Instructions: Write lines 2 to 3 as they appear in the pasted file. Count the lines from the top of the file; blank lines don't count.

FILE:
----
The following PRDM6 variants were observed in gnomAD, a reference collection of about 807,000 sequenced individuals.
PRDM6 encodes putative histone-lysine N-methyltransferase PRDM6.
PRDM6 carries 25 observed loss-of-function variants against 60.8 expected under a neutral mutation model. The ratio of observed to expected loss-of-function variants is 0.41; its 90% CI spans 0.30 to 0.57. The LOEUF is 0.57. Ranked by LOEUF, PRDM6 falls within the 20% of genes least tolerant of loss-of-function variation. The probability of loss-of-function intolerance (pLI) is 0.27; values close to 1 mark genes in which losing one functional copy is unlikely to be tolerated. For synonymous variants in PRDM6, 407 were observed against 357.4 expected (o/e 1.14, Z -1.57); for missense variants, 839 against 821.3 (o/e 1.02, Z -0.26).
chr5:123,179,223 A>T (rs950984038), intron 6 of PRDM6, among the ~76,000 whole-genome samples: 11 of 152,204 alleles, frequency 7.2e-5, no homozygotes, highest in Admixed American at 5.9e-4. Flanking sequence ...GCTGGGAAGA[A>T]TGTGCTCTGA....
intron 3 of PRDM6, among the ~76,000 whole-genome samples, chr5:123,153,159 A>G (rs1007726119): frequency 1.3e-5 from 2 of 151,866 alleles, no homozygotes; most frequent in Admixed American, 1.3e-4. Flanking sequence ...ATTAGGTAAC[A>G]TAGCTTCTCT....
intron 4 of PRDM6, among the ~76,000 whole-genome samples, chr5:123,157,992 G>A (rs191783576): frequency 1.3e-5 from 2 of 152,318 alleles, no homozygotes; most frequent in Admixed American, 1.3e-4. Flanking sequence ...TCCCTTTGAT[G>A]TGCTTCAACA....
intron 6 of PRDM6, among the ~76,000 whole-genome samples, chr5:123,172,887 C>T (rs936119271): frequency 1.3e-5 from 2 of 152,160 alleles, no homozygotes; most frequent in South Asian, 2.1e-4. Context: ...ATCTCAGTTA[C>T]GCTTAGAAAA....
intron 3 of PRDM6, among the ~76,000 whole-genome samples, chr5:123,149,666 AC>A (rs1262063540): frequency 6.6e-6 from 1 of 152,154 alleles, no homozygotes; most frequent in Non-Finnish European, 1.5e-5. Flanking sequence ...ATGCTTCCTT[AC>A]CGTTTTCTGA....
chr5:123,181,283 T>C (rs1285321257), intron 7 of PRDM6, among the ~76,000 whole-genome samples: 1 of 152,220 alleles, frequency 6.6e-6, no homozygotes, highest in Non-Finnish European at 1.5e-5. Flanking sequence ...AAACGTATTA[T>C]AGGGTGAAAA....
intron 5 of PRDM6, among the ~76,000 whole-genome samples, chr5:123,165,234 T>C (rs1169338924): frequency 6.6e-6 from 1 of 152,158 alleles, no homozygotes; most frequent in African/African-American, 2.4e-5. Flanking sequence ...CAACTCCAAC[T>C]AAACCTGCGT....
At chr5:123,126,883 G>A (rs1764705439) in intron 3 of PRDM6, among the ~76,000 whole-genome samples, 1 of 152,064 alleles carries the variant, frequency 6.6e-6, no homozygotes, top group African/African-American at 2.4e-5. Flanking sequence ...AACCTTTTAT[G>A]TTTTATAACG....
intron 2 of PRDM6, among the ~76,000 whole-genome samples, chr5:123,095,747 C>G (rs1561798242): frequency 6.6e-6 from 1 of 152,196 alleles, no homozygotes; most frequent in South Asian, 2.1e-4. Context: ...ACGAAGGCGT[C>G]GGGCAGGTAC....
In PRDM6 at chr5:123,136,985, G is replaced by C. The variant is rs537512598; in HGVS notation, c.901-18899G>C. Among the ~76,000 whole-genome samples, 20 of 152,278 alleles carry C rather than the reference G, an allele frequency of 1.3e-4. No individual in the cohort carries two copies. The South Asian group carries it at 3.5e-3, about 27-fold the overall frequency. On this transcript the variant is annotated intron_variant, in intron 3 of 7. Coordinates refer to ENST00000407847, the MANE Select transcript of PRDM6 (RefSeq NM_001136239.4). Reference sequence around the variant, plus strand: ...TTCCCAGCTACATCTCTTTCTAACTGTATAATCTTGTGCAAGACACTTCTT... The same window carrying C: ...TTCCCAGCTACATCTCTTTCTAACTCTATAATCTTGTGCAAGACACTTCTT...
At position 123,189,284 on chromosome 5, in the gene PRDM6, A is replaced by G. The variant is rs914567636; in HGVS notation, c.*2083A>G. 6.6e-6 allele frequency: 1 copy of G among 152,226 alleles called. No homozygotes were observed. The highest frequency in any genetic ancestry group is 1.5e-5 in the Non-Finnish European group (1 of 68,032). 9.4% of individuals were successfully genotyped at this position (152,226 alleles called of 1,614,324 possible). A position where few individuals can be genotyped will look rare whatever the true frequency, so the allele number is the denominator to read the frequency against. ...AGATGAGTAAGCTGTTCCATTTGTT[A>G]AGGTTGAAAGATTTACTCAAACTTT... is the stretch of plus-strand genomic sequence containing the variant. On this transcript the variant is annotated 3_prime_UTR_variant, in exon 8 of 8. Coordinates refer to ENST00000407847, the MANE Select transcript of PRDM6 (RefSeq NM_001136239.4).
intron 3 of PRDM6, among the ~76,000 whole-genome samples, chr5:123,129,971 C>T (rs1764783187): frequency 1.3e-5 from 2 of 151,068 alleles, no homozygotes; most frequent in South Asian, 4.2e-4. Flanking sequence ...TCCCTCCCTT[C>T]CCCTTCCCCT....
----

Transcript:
PRDM6 encodes putative histone-lysine N-methyltransferase PRDM6.
PRDM6 carries 25 observed loss-of-function variants against 60.8 expected under a neutral mutation model. The ratio of observed to expected loss-of-function variants is 0.41; its 90% CI spans 0.30 to 0.57. The LOEUF is 0.57. Ranked by LOEUF, PRDM6 falls within the 20% of genes least tolerant of loss-of-function variation. The probability of loss-of-function intolerance (pLI) is 0.27; values close to 1 mark genes in which losing one functional copy is unlikely to be tolerated. For synonymous variants in PRDM6, 407 were observed against 357.4 expected (o/e 1.14, Z -1.57); for missense variants, 839 against 821.3 (o/e 1.02, Z -0.26).